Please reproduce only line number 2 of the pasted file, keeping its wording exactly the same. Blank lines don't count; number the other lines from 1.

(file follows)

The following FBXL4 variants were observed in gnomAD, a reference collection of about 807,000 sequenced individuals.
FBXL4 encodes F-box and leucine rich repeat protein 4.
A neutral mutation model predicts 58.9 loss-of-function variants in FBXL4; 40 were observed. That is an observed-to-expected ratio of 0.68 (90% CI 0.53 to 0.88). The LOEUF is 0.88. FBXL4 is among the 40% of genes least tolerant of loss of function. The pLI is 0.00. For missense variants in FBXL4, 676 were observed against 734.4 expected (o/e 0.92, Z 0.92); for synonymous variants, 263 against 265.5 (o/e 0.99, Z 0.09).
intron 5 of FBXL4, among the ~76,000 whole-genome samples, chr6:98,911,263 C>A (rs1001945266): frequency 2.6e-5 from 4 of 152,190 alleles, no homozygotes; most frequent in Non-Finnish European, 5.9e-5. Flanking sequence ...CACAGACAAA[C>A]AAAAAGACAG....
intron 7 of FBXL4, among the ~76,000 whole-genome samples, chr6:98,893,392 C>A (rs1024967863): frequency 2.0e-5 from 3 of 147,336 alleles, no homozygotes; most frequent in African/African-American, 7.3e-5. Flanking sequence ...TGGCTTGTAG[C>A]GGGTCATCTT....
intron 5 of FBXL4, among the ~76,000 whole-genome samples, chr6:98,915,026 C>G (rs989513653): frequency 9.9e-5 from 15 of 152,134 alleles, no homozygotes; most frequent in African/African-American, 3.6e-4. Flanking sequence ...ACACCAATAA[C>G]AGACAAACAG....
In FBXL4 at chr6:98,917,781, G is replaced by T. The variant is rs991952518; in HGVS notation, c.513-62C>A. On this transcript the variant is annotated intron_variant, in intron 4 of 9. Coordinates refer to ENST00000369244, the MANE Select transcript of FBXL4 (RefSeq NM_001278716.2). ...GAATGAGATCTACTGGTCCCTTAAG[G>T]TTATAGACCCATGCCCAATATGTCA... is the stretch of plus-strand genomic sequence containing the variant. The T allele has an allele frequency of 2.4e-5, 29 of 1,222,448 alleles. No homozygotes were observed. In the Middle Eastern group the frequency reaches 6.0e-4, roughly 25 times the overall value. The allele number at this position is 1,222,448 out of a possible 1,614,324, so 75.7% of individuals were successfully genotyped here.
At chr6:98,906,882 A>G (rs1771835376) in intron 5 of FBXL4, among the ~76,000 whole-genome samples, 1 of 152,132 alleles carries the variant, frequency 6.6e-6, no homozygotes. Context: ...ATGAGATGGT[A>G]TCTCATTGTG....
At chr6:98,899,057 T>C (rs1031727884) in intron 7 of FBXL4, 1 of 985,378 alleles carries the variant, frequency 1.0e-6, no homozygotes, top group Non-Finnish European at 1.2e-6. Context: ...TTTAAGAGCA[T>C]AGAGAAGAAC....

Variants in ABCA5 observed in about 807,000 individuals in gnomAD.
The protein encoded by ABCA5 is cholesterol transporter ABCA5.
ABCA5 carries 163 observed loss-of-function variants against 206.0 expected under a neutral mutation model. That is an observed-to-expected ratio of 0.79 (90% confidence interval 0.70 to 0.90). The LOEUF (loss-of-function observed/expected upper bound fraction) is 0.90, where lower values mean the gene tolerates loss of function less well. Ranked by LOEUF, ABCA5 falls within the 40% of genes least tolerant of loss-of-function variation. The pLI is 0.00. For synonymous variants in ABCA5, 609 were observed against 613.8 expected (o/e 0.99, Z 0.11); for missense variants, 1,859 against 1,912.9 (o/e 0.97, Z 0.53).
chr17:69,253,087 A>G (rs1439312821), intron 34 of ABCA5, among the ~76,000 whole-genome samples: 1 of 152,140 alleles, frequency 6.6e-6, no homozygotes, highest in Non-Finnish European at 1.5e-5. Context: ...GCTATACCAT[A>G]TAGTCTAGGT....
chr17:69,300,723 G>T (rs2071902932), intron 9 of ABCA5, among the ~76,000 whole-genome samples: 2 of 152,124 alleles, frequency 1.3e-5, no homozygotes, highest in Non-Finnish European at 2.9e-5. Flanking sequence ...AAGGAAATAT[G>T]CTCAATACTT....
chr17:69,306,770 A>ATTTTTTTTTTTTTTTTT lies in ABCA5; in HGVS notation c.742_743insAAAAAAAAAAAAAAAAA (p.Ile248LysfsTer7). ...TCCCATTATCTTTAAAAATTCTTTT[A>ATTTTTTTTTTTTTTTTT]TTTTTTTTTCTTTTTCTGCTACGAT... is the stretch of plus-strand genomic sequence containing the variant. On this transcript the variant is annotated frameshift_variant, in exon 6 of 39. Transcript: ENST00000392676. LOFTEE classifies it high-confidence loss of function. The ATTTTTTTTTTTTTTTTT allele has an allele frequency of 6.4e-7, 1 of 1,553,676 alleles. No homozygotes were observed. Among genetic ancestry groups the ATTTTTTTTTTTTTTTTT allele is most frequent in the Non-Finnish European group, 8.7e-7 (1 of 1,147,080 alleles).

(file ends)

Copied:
FBXL4 encodes F-box and leucine rich repeat protein 4.